August 26, 2009 > Back to School The Green Way
Back to School The Green Way
By Dave Cortese, Santa Clara County Supervisor
As your county supervisor, I have taken an environmental focus here at the county. We have introduced new Environmental Stewardship Goals and we have created the Cortese Climate Kids Club (for more information about our kids club and how your children can join, visit my website at www.supervisorcortese.org). Being environmentally responsible is something everyone should strive for, and this includes getting the kids ready to go back to school.
Normally the routine is the same: ensuring their clothes fit and are clean and presentable, checking the backpack to make sure it can carry another year's worth of textbooks, and heading to the office supply store to pick up any school supplies that they might need for the next year. This year, I encourage you to take a look at how you can make going back to school more environmentally friendly.
One of the easiest changes to make would happen when you prepare your kid's lunches. While the average person doesn't think about where waste goes after the garbage man picks it up, our waste is a serious issue with landfills running out of space and contaminants leaking out of the landfills that we do have. A straightforward way to be more environmentally friendly is to simply use reusable containers and utensils for your kid's lunches.
Brown paper bags, while not completely unfriendly, still add volume to our waste stream. A better method is to use a reusable lunch bag or pail and put the sandwiches or leftovers in a reusable container that they can bring home every night. And while you're at it, throw in a set of metal utensils for them to eat with. While single use items do have some benefits for specific circumstances, you can teach your kids to think about their impact on the environment by explaining to them why it is better to bring the reusable containers and utensil home every night rather than throwing more plastic and bags into the garbage.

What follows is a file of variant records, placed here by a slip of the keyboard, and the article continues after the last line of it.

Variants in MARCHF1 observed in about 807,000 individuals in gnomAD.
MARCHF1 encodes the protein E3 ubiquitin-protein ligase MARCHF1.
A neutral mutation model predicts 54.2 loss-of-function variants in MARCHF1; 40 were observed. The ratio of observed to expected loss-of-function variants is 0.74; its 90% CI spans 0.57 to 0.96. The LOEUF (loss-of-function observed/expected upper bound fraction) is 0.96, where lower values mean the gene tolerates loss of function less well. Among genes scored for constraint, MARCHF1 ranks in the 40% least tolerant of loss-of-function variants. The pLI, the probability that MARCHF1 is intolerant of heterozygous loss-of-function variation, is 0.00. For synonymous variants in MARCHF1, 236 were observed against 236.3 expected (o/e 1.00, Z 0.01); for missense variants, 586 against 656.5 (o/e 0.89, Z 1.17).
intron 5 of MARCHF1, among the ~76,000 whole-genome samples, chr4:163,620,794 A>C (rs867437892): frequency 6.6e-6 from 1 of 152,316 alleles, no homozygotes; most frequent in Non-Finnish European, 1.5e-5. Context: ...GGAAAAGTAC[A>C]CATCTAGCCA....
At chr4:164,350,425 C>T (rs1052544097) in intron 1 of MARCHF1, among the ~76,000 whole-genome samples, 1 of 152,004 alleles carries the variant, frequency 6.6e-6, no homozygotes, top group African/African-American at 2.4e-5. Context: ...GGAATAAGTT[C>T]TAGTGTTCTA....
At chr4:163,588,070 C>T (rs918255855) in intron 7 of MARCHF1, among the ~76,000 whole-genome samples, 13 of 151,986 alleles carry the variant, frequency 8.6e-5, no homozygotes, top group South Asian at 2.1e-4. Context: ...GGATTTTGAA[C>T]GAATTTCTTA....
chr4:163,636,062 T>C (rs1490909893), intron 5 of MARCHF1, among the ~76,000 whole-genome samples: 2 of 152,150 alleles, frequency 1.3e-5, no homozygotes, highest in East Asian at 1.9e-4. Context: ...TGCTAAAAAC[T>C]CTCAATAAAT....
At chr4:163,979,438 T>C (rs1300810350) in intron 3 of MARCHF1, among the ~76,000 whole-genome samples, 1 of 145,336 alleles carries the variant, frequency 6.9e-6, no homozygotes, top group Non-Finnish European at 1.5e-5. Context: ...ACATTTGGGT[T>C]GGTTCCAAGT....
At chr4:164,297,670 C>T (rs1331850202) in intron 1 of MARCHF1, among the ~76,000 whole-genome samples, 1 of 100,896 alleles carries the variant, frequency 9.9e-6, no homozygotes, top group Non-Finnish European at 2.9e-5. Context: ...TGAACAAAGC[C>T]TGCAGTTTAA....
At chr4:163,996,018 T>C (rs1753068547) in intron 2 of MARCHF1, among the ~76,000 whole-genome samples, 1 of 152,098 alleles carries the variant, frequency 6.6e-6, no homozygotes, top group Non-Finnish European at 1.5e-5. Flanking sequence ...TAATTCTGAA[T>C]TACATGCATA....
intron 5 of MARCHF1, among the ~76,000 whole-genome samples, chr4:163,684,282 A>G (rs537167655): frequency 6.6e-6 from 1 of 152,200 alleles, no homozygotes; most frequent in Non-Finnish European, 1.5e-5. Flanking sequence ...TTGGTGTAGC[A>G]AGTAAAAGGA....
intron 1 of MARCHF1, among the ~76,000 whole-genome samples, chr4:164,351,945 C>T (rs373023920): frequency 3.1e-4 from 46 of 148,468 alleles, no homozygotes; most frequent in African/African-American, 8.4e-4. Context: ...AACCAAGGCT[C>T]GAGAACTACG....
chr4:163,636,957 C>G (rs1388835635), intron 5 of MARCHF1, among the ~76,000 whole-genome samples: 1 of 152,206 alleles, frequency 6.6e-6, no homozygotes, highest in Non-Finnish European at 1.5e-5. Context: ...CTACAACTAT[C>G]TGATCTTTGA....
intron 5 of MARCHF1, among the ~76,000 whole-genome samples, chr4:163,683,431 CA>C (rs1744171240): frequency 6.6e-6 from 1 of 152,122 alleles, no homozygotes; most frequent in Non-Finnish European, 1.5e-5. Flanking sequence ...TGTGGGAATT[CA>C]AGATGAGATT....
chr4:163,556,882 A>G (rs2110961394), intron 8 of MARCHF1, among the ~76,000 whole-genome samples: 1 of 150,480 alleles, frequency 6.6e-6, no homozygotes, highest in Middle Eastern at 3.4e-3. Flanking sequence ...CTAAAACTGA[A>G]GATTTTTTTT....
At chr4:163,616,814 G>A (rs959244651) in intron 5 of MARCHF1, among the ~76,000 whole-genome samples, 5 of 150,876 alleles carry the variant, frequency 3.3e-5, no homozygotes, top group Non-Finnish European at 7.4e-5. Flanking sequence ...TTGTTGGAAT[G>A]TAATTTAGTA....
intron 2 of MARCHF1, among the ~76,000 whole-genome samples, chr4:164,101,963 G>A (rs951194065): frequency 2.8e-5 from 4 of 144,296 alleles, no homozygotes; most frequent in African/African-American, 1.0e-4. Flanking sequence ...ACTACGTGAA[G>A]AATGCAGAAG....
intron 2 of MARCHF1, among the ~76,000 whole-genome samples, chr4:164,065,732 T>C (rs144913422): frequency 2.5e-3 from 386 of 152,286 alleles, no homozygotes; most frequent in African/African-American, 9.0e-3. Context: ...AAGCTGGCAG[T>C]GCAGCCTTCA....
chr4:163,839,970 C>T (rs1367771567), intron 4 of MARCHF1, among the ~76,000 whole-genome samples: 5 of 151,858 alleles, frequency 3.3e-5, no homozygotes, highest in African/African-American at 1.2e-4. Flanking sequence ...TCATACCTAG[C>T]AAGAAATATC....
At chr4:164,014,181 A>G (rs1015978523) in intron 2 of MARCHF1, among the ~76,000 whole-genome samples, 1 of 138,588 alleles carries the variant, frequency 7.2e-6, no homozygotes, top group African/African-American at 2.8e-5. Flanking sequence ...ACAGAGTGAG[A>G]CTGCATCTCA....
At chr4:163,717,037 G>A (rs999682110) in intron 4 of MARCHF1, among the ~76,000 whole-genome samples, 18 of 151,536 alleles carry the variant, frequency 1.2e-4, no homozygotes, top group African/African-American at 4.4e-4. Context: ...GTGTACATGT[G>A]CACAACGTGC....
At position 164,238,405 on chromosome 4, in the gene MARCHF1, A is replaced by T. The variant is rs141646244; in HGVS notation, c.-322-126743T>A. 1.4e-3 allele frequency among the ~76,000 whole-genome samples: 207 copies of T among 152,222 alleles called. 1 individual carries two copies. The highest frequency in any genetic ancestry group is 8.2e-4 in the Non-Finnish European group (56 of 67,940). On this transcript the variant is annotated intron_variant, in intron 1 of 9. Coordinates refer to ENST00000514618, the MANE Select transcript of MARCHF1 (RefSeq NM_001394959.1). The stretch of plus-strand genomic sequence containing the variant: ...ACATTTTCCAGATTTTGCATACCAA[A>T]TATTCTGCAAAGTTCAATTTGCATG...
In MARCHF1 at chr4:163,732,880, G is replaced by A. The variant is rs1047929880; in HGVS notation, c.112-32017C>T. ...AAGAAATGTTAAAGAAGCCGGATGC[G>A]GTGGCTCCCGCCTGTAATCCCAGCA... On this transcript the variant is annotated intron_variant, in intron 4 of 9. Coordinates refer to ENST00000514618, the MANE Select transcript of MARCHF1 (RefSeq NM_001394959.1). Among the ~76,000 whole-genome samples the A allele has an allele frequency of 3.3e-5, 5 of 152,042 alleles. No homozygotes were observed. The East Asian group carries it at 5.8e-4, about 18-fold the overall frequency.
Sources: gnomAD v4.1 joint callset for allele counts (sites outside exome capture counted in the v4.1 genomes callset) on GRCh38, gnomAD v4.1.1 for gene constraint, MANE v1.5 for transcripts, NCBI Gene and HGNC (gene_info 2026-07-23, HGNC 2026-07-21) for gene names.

Due to the nature of the beast, school supplies like paper and pencils can only be used once. But you can minimize the harm to the environment through buying recycled content items and ensuring that after they have served their useful life, they are recycled. Recycled paper, notebooks and folders are becoming commonplace, but there are two key points to keep in mind when purchasing them; recycled content is good, but post-consumer recycled content is even better, and secondly, be sure to keep the cycle going and put the product in the recycling bin (after the assignments have been completed of course).
Pens and pencils that are refillable are also better for the environment since you can reuse the utensil itself and just fill it up with more ink or lead instead of throwing the entire unit away when its usefulness ends.
Solar calculators have been around for years, but the benefits are still real. They can be used for many school years without needing a battery replacement, since they don't have batteries. And that means less toxic chemicals that need to be recycled; you know you're not supposed to throw batteries in the trash, right?
Lastly, this is the perfect time to get in the habit of walking or biking with your kid to school. Not only will you save money on gas and reduce the pollution you create, but you will also improve your health through increased activity and at the same time be able to provide education to your child on the importance of staying active. It's a win-win.
These are just a few ideas, but I'm sure that there are many more that you can think of. They don't just apply to getting kids ready to go back to school, too. These tips can easily be transferred to working professionals, college going students, etc. For example, my office was recently certified as a "Green Business" by the Association of Bay Area Government's Green Business Program (www.greenbiz.abag.ca.gov) for conserving energy and water, minimizing waste, preventing pollution and shrinking our carbon footprint. Even if you can't make all these changes, just trying a few and thinking about what else you can do while involving your child in making the effort will make a world of a difference, no pun intended.
If you have any other ideas that you can think of, or if you have any other questions or comments, please don't hesitate to contact me at firstname.lastname@example.org or (408) 299-5030. Together, as a community, we can make a difference.